Faculty & Firm Left: Steve Fury and Maureen Howard Right: Joel Ngugi
“Learn by doing” is Seattle attorney Steve Fury
receive feedback from U.S. attorneys. The National
and UW Law Professor and former Chair of UW
Institute of Trial Advocacy (NITA) pioneered this
Undergraduate African Study Program Joel
method of instruction and it is the same method
Ngugi’s motto when they teach trial advocacy
employed in trial advocacy classes at UW Law.
to lawyers in Africa. In 2008, Ngugi and Fury assembled a team of
cy Program Maureen Howard met Fury when they
instructors to establish trial advocacy programs in
taught trial skills at a NITA’s Northwest Regional
Kenya. Originally from Kenya, Ngugi is an expert in
Program. She said Fury’s methods were inspiring.
the African judicial system. After graduating from Harvard Law School, Ngugi practiced law for three years in Kenya. Ngugi’s idea was to send a team to Africa for three years, until the programs became self-sustaining. In 2010, Fury and Ngugi co-founded Justice Advocacy Africa (JAA) with Judge Marsha Pechman. JAA works to encourage respect for legal institutions and establish self-sustaining trial advocacy programs for attorneys in Africa.
“He was so insightful in his teaching critiques, so powerful in his delivery, and so masterful at demonstrating alternative approaches to the skills the participants were practicing,” she said. Howard has collaborated with Fury and Ngugi on several projects. Last March, UW Law, in conjunction with JAA, invited African advocacy teachers to the law school for Advocacy Teacher Training. In August 2010, Howard also traveled to Kenya to teach with Fury and Ngugi in the JAA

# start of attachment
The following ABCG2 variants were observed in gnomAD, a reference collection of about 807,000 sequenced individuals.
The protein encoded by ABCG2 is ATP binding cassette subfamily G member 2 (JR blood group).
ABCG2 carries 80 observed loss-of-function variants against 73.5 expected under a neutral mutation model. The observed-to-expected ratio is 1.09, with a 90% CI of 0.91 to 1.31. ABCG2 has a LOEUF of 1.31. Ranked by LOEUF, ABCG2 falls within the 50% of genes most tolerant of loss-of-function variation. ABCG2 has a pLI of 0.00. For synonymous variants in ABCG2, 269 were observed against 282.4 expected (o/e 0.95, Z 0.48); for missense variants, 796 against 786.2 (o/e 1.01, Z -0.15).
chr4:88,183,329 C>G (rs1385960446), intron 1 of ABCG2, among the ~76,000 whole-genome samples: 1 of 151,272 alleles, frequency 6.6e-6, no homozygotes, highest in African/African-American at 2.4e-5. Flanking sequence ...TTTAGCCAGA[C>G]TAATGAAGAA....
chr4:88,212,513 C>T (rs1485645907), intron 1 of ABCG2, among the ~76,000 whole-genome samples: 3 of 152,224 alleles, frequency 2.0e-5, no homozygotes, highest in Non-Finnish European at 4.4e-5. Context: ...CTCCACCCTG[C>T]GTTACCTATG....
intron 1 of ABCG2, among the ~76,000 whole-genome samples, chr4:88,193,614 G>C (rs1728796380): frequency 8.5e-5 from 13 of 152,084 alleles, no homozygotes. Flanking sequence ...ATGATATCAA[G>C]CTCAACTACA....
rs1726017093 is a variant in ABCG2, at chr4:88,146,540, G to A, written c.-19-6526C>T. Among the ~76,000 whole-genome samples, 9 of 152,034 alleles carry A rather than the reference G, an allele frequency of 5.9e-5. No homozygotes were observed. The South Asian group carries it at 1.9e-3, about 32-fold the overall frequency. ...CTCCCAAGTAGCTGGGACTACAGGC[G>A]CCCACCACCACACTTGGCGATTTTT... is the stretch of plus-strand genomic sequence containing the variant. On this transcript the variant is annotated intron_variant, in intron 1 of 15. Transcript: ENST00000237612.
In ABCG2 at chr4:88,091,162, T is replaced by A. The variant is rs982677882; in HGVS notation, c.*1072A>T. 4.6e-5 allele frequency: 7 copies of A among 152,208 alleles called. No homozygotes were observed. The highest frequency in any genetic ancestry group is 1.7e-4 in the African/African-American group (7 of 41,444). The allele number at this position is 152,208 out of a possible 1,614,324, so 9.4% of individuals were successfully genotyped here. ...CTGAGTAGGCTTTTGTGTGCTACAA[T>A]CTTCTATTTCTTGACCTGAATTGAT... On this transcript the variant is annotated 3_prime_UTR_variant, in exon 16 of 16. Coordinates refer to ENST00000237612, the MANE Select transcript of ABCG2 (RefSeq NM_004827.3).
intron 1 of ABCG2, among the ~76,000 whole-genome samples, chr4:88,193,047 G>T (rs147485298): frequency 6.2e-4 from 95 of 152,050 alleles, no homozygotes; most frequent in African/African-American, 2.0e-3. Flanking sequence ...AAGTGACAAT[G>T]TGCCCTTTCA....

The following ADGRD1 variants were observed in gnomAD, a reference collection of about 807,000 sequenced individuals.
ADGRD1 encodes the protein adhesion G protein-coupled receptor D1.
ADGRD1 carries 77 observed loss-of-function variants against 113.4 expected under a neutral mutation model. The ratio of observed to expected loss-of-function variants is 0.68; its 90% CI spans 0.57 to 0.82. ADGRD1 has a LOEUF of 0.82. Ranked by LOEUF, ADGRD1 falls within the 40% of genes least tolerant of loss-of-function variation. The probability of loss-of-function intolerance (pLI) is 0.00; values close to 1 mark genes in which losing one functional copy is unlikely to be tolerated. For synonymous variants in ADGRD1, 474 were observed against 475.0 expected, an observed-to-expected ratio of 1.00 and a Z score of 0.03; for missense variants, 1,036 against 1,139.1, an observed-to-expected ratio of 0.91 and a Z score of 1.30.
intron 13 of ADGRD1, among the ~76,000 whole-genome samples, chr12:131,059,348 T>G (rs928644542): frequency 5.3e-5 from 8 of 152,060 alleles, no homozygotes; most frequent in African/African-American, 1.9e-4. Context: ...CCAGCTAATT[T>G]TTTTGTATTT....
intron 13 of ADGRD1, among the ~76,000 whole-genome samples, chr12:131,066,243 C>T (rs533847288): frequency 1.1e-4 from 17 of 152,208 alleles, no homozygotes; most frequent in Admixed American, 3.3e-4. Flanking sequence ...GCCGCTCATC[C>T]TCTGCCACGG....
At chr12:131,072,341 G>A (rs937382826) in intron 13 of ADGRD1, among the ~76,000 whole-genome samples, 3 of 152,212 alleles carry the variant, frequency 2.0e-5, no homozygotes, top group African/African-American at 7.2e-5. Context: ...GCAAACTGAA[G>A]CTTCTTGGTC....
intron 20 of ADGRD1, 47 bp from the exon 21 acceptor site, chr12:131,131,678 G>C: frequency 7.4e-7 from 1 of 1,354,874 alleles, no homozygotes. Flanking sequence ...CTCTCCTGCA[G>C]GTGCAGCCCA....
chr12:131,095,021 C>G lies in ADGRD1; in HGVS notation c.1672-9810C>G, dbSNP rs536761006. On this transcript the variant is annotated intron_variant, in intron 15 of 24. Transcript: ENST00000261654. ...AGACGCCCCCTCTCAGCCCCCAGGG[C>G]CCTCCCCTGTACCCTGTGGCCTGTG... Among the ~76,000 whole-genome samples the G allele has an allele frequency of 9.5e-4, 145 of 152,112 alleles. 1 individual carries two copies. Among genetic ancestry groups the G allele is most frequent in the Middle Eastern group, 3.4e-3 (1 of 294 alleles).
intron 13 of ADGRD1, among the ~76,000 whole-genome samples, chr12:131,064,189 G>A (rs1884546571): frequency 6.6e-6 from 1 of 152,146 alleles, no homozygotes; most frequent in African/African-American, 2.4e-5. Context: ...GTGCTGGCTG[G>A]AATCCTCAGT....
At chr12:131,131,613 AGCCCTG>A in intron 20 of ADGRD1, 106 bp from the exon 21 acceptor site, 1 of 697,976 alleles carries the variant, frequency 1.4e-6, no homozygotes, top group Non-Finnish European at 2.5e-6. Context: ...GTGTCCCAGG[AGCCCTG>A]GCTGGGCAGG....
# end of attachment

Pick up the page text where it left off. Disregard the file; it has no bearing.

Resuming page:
Fury said he is not surprised that the JAA
program at the University of Nairobi Kenya School
programs are successful.
of Law. Howard and Ngugi have also collaborated
“It works simply because of the method of instruction,” he said. “If you practice something, you will get better at it, it’s straightforward and simple.” Participants in the JAA programs get involved with instructors and participate in discussions and lessons that allow students to learn trial advocacy by practicing it. Students practice statements and witness examination skills using mock cases and 32
UW Professor and Director of the UW Trial Advoca-
on developing UW Law’s first study-abroad program, which will allow students to study trial advocacy in Kenya over summer quarter. “[Ngugi] consistently motivates me to bring my ‘best game’ to the law school community through my service, teaching and scholarship by way of his incomparable example across these three fronts,” she said.
Spring 2012 UW Law alumni magazine